Does getting punched build muscle?

The ability to withstand strikes in the midsection is mandatory for every fighter. And the best way to train your endurance is by getting hit again and again. However, contrary to popular belief, getting punched does not result in muscle growth. The strong contraction of the abdominal muscles just before receiving the punch or kick, on the other hand, will toughen them and get them used to be being struck. 

Why do fighters do it?

A strong core is essential in every striking discipline. If you crumble from the first serious impact to your gut, there’s no point in entering the ring in the first place. So, even for a gym warrior some toughness in the core is essential. So, in short, fighters subject themselves to punches in the stomach, so they can better withstand them in a fight or when sparring.

I am well aware that training in combat sports entails some form of punishment. This will vary depending on your training objectives and discipline of choice, but taking a beating is unavoidable in boxing, MMA, Muay Thai, kickboxing, and many other sports. But there is one training method that seems even more masochistic than the rest and this is conditioning the abdomen for punishment. 

How does it work?

It’s quite simple, actually. The more you get hit in the core, the better conditioning you will have. It’s not just the abs that need to be strong, but the entire core region, which consists of a number of different muscles.

The most frequent targets of strikes are the abdominal muscles—the well-known six-pack and the inside and outside obliques. When receiving controlled strikes, the muscles get damaged and then get rebuilt stronger.

The necessary muscle contraction before and during impact will strengthen the muscles, but the impact itself does not build the muscles in any way. And even for strengthening, most standard ab exercises are far superior. Getting punched in the abs is done with the main purpose of conditioning the muscles so it can withstand punishment, not for building a visible 6 pack.

Aside from the obvious physical adaption to punishment, just as important is the psychological one. Through repetition, the body and mind get accustomed to the sensation of being struck, and the experience becomes less and less stressful. You get used to the process of bracing the muscles just before impact and exhaling at the point of contact. The goal is to ingrain this procedure into the muscle memory, so it becomes automatic. Then in a fight, you don’t have to think about it at all and just let your ingrained instincts take over.

Different methods of conditioning?

Having some variety in training is a must, or things get repetitive. There are a few ways to approach this tedious task, and none of them are pleasant.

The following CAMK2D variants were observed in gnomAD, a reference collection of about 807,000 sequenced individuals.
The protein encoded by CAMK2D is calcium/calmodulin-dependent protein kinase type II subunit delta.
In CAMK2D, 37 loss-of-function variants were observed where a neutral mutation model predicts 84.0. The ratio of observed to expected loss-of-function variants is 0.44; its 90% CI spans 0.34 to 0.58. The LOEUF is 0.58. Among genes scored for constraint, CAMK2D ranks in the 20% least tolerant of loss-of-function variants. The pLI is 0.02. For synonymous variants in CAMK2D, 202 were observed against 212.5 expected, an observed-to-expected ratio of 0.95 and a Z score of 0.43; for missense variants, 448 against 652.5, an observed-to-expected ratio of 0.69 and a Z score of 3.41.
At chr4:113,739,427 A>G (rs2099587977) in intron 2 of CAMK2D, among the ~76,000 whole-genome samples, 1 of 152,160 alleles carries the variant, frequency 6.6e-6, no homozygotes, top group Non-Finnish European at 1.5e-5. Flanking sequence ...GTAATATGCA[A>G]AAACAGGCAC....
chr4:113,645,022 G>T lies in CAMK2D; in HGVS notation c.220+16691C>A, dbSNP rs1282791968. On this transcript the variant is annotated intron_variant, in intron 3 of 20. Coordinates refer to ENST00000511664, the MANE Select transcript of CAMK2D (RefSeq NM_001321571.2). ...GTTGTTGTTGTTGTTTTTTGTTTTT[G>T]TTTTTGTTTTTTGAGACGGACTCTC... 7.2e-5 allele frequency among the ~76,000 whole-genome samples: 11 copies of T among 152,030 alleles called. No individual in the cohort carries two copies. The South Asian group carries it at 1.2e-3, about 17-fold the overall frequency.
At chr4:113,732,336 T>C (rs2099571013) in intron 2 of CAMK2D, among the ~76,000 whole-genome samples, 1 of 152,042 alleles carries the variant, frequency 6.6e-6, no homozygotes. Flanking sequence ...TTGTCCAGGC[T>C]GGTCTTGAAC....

Punches and kicks– the most obvious one is to get a partner to continually hit you with punches or kicks. You just stand and endure. There is nothing else to it. 


Medicine ball slams– A favorite of boxers of old and new is the good old medicine ball slam.  I’ve written more about this type of training here.  A partner takes a heavy medicine ball and slams it into your abdomen. This can be done standing or while lying down. Myke Tyson has a famous video demonstrating this:


Sticks Many traditional Eastern martial arts emphasize conditioning muscles and nerves to pain, and using sticks is a popular method in kung fu and Muay Thai. Some modern fighters also use it. An added benefit is that you can do it by yourself, without the “help” of a partner who has to beat you. 

Combining building muscle with building endurance 

An even better way of doing the condition exercises is by combining them with muscle-building work. This way, you work on two different aspects at the same time.

A popular way of training this way, often seen in Muay Thai, is the pads to the abs exercise. After performing a crunch, a partner slams a Thai pad into the contracted abs. Alternatively, this can be done alone by switching the pad slam with a self-inflicted hand strike.

Leg raises are another popular way to combine the two aspects of ab training. Perform a leg raise from a hanging position, and then have a partner or trainer hit you in the abs with a punch, kick, or a hard object after each one.

The monotonous plank exercise can also be spiced up for added benefits. Again, with the help of partner who will land light kicks on both sides of the body while you “rest” in plank.

Regardless of which method you prefer, body conditioning is something every fighter needs. Start light and gradually increase the power until you start tiring out partners by just absorbing their shots.

Related reading:

The iron bone training equipment I use for martial arts

Why do boxers put their hands in rice?

Is it bad to punch walls as part of your training?

The Shin Conditioning Stick – Essential Kit for the Martial Artist

Is boxing better than going to the gym?